Is Conservatism Dead? the Rise of the Neoconservatives within the GOP Has Not Only Discredited the Grand Old Party but Tarnished the Image of Conservatism

By Krey, Patrick | The New American, January 19, 2009 | Go to article overview

Is Conservatism Dead? the Rise of the Neoconservatives within the GOP Has Not Only Discredited the Grand Old Party but Tarnished the Image of Conservatism


Krey, Patrick, The New American


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The Republican party suffered an overwhelming electoral defeat this past November. The establishment media were all too quick to proclaim that conservatism is dead and we're now at the dawn of a liberal age. Peter Beinart, Senior Fellow for U.S. Foreign Policy for the Council on Foreign Relations (CFR), wrote in Time magazine that we are facing the dawn of a "new liberal order."

In making this proclamation, Beinart overlooks the fact that the public was not voting for President-elect Obama, but rather against Republicans like John McCain and George W. Bush. But what was it that Bush and the Republican Party have come to symbolize? Bush and McCain both stood for an activist foreign policy of globally spreading democracy, never-ending commitments of nation building, open borders at home, record deficit spending, circumventing the Constitution, expanding domestic welfare programs, and nationalizing the financial sector.

Conservative South Carolina Governor Mark Sanford wrote in a CNN commentary that "Republicans have campaigned on the conservative themes of lower taxes, less government and more freedom--they just haven't governed that way. America didn't turn away from conservatism, they turned away from many who faked it."

Constitution Party candidate Chuck Baldwin wrote, "For all intents and purposes, conservatism--as a national movement--is completely and thoroughly dead. Barack Obama did not destroy it, however. It was George W. Bush and John McCain who destroyed conservatism in America."

David Boaz of the libertarian CATO Institute explains that Bush "delivered massive overspending, the biggest expansion of entitlements in 40 years, centralization of education, a floundering war, an imperial presidency, civil liberties abuses, ... and finally a $700 billion bailout of Wall Street that just kept on growing in the last month of the campaign. Voters who believed in limited government had every reason to reject that record."

These modern Republican policies have nothing to do with traditional conservatism, but have much more in common with big-government liberalism. So how did politicians claiming to be conservatives end up acting like big-government liberals? The explanation lies in understanding the rise of neoconservatism, which has come to define modern conservatism and the GOP.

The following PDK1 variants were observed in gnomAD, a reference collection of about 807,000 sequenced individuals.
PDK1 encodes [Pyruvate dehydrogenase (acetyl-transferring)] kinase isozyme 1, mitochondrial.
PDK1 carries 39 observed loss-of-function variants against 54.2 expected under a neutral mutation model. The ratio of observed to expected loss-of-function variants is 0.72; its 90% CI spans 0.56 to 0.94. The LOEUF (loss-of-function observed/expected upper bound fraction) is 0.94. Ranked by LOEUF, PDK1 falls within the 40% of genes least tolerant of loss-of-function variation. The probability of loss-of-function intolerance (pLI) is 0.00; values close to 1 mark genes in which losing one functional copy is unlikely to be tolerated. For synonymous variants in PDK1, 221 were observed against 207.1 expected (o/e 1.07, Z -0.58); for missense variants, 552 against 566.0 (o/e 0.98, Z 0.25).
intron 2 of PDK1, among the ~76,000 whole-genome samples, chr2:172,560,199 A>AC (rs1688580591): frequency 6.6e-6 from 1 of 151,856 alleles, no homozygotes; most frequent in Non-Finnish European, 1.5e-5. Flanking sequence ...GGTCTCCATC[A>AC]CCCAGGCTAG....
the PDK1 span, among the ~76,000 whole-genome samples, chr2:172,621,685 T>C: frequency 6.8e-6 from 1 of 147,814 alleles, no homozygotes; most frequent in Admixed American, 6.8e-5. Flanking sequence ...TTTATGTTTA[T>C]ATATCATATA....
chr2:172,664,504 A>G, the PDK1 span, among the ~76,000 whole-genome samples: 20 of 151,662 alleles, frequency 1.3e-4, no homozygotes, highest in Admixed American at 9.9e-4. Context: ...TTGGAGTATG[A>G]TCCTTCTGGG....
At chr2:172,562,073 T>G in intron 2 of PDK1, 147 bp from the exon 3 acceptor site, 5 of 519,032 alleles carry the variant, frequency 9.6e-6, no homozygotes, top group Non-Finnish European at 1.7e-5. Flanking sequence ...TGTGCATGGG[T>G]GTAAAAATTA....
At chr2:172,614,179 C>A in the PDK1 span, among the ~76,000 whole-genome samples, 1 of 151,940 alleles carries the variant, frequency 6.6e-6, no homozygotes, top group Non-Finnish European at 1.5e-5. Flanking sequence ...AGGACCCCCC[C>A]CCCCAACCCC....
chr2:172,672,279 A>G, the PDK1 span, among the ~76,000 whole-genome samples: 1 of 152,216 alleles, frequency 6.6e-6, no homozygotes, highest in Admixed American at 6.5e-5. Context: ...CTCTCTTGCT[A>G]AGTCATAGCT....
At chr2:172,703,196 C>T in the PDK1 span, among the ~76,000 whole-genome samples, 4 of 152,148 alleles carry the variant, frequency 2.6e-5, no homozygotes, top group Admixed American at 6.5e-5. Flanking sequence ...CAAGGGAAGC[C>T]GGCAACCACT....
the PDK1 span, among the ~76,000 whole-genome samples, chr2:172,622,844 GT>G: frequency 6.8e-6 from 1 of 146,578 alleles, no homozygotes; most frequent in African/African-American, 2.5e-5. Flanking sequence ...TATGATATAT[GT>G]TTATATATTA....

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Modern American Conservatism

The modern American conservative movement is considered to have begun in 1953 with the publishing of The Conservative Mind by Russell Kirk. With this book, Kirk traced the evolution of the conservative ideology from the American founding to the early 20th century. Conservatism, Kirk proclaimed, was based on the core principles of "an enduring moral order, the Constitution of the United States, established American way of life, and a free economy." Conservatism, as Kirk and similar traditionalists of his day saw it, meant an adherence to the Constitution and a mind-our-own-business foreign policy. These conservatives were opposed to an activist foreign policy, weary of executive power, and hesitant to engage in war. Kirk praised the late Senator Robert A. Taft for his ability to recognize that "war was the enemy of Constitution, liberty, economic security, and the cake of custom."

Conservative ideology developed and morphed through the years. It had internal conflicts between Rockefeller Republicans, followers of Nelson Rockefeller who held liberal views, and Goldwater conservatives, supporters of Barry Goldwater who adhered to a strict interpretation of the Constitution. This struggle went back and forth, with the liberal wing electing Richard Nixon and the conservative wing electing Ronald Reagan. Over this period, the liberal wing began to gain more power within the establishment right centered inside our nation's capital beltway. It wasn't until the 1970s when the neoconservatives (neocons for short)joined the conservative movement with their own distinct radical beliefs involving a hyper-interventionist foreign policy. …

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